How can coffee affect my breastfed baby?
Consuming too much coffee leads to higher caffeine levels in your system. Levels that are higher than 750 mg of caffeine can trigger caffeine stimulation to some babies. Caffeine stimulation will make your baby more wakeful, irritable, and cause sleep interruptions.
So what can you do if your baby shows signs of caffeine stimulation? If you are a regular coffee drinker, you might consider cutting back on your caffeine intake once your baby begins to show these symptoms.
Can coffee affect breast milk?
There is currently no evidence stating that coffee or caffeine can alter the mom’s breast milk or affect her breast milk supply. However, if your caffeine-stimulated baby nurses less than the usual or breastfeeds ineffectively because he is irritated, then these conditions can lead to decreased breast milk supply.
How to minimize caffeine effects while breastfeeding
Remember, you shouldn’t eliminate caffeine abruptly from your system since it will cause withdrawal symptoms like severe headache. If you want to decrease your caffeine consumption, the trick is to do it gradually. Here are some tips on how breastfeeding mothers can reduce their caffeine intake:
Tips To Decrease Your Caffeine Intake
Cut back a cup
Cutting back a cup of coffee in a day can be tolerable for most people. For instance, you may drink only 2 cups instead of 3 per day.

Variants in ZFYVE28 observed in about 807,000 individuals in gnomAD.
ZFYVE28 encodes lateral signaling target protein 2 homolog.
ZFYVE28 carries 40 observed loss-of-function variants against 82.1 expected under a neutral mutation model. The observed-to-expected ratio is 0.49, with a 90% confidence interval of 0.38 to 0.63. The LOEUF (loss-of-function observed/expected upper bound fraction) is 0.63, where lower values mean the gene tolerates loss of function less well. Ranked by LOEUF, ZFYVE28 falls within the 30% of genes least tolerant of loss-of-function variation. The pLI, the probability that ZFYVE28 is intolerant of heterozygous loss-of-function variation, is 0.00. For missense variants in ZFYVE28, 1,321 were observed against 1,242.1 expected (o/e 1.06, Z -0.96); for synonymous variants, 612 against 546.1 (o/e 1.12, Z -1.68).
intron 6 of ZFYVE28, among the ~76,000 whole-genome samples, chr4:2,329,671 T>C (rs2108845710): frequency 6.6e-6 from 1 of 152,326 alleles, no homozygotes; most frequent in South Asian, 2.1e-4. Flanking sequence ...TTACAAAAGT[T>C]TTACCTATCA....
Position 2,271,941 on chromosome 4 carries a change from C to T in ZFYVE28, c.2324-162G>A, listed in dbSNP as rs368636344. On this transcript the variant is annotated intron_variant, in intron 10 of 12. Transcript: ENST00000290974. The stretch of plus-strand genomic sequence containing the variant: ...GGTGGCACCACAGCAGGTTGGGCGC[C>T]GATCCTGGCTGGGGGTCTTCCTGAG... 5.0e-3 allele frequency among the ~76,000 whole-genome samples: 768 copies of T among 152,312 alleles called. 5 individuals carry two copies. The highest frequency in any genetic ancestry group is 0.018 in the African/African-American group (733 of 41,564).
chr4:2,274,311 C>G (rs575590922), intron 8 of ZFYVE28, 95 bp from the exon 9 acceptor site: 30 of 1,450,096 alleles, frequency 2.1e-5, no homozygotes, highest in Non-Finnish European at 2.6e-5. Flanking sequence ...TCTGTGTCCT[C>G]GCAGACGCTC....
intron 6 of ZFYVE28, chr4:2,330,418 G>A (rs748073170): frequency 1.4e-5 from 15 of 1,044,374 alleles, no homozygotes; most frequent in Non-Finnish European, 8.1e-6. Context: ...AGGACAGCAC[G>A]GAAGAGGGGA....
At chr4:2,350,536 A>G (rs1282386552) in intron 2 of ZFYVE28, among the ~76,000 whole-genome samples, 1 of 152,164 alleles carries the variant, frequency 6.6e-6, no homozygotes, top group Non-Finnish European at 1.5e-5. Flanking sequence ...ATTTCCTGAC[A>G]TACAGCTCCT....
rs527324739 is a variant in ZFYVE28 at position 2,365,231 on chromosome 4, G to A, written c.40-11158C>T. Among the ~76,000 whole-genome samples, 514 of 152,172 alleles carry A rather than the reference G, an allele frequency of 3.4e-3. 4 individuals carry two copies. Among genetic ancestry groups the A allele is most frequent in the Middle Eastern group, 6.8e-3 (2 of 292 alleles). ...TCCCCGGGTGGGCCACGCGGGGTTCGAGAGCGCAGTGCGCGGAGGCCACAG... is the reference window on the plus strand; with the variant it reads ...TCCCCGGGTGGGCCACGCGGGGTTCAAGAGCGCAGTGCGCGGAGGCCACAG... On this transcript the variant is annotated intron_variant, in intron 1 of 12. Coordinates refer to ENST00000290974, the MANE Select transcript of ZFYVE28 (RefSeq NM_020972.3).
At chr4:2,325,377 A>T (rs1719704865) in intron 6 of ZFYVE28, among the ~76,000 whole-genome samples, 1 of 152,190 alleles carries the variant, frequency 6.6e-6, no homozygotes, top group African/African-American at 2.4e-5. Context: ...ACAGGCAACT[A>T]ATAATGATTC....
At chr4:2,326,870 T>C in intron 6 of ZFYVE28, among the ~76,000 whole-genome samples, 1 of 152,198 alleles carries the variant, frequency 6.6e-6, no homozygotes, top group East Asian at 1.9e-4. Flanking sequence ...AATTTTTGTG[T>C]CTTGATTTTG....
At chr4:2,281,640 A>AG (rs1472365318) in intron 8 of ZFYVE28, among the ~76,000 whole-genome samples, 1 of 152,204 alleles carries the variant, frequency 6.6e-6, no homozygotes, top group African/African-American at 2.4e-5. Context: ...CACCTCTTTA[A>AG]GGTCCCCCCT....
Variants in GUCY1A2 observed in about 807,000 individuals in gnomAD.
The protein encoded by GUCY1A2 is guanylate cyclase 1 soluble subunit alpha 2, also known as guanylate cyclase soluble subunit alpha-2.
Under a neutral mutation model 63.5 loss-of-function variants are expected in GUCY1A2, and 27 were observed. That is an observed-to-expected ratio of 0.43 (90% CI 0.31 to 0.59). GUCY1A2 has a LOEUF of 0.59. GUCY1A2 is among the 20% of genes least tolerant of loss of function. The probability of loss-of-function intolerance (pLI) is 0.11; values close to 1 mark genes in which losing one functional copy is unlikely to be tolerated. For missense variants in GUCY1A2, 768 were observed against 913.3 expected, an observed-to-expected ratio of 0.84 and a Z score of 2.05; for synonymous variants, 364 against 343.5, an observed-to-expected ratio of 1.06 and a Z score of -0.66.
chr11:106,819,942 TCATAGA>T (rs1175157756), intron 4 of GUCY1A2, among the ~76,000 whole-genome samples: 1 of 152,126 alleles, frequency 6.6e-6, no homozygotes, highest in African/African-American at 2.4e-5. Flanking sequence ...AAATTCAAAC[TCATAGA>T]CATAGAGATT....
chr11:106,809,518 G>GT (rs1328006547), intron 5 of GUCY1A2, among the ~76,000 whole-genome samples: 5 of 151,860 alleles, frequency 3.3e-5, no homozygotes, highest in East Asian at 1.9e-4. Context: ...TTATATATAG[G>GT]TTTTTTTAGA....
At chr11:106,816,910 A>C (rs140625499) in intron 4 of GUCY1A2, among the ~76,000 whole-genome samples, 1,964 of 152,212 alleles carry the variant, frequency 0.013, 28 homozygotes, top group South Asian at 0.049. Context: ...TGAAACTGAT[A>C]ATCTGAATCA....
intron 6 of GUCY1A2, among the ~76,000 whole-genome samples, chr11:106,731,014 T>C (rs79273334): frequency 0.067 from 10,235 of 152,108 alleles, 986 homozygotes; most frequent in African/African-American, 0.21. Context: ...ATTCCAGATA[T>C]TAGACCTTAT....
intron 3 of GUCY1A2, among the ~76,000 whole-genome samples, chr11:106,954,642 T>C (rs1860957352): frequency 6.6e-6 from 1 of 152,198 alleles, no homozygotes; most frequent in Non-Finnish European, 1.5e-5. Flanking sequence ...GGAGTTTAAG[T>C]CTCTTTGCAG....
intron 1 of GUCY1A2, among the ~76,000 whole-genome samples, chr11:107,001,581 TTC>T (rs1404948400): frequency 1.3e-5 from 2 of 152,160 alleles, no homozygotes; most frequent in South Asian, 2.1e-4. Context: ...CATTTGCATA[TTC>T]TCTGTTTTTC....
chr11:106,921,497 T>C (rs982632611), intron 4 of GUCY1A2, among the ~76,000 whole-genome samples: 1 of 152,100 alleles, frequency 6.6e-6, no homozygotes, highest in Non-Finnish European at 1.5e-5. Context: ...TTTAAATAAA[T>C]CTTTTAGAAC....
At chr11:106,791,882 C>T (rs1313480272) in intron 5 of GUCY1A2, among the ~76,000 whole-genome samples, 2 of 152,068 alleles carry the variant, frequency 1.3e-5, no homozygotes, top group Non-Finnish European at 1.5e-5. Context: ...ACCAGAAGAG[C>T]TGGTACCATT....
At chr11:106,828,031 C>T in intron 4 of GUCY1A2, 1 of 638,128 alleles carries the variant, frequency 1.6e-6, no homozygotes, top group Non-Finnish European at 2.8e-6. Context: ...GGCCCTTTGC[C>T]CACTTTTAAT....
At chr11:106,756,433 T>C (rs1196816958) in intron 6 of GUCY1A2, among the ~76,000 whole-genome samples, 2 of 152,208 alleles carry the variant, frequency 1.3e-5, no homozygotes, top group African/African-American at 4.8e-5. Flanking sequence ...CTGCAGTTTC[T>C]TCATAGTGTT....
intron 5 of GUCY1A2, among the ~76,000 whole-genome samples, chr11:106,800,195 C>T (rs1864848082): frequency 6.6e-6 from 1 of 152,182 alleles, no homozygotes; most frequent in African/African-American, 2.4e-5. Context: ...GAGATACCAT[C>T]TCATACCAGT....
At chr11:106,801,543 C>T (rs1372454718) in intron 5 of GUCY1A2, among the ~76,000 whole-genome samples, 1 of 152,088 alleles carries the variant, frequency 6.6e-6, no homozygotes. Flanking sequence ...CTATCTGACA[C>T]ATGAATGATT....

Half cup technique
If you regularly drink coffee 3 times a day, you may consider taking half of a cup each time. This way, you can still enjoy coffee in your most favorable time of the day while you slowly minimize your consumption of caffeine.
You can also try mixing half cup of regular coffee to a half cup of decaf coffee. Decaf coffee many also contain some caffeine, but in significantly lower amounts.
Eliminate or minimize intake of other caffeine-rich foods and drinks
If you’re only taking around 1 to 2 cups of coffee in a day and your baby still seems to be overstimulated, it is also better to be mindful of the other food and drinks that you take. Chocolates, energy drinks, teas, and soft drinks also contain significant amounts of caffeine so it is best to regulate your intake of these items too if you want to minimize caffeine in your body.
Once you gradually decrease your caffeine consumption, your baby’s symptoms will also gradually improve. Usually, it will take a couple of days to a week before your baby becomes less irritable and shows improvement on his sleep.
Additionally, you may want to think about the best time to drink coffee or eat your much-desired chocolate bar. Surely, it wouldn’t be right before or while you breastfeed your baby or else, you’ll end up dealing with a hyperactive little one.
Instead, you might consider having it right after nursing or pumping, or when your baby will most likely sleep longer. This way, you’ll have enough time to eliminate most of the caffeine out of your body before your baby gets hungry and nurse again.
Coffee and breastfeeding are usually compatible with each other provided that you drink coffee moderately. However, if your baby seems to show signs of being overly stimulated by caffeine, you can gradually decrease your coffee intake and regulate your consumption of other caffeine-rich food and drinks. This way, you can still enjoy your much-desired latte without disrupting your baby’s mood and sleep.